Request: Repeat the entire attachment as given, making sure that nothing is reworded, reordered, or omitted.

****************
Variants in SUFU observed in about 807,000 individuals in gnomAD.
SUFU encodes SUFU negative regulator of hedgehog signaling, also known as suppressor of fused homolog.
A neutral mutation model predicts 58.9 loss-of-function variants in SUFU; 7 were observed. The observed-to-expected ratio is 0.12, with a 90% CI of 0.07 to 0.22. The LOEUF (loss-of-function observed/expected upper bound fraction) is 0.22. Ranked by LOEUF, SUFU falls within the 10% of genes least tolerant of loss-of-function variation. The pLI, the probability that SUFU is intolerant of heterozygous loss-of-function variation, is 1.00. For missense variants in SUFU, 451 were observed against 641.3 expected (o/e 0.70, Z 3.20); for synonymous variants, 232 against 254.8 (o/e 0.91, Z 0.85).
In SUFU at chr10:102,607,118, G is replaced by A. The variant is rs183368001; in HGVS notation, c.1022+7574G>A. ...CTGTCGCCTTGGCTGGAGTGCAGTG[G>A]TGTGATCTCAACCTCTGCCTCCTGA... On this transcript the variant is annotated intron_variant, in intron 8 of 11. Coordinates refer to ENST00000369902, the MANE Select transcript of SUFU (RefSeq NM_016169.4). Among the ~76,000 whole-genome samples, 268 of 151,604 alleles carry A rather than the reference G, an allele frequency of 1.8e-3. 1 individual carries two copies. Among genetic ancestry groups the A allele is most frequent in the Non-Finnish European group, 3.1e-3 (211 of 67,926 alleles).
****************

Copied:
Variants in SUFU observed in about 807,000 individuals in gnomAD.
SUFU encodes SUFU negative regulator of hedgehog signaling, also known as suppressor of fused homolog.
A neutral mutation model predicts 58.9 loss-of-function variants in SUFU; 7 were observed. The observed-to-expected ratio is 0.12, with a 90% CI of 0.07 to 0.22. The LOEUF (loss-of-function observed/expected upper bound fraction) is 0.22. Ranked by LOEUF, SUFU falls within the 10% of genes least tolerant of loss-of-function variation. The pLI, the probability that SUFU is intolerant of heterozygous loss-of-function variation, is 1.00. For missense variants in SUFU, 451 were observed against 641.3 expected (o/e 0.70, Z 3.20); for synonymous variants, 232 against 254.8 (o/e 0.91, Z 0.85).
In SUFU at chr10:102,607,118, G is replaced by A. The variant is rs183368001; in HGVS notation, c.1022+7574G>A. ...CTGTCGCCTTGGCTGGAGTGCAGTG[G>A]TGTGATCTCAACCTCTGCCTCCTGA... On this transcript the variant is annotated intron_variant, in intron 8 of 11. Coordinates refer to ENST00000369902, the MANE Select transcript of SUFU (RefSeq NM_016169.4). Among the ~76,000 whole-genome samples, 268 of 151,604 alleles carry A rather than the reference G, an allele frequency of 1.8e-3. 1 individual carries two copies. Among genetic ancestry groups the A allele is most frequent in the Non-Finnish European group, 3.1e-3 (211 of 67,926 alleles).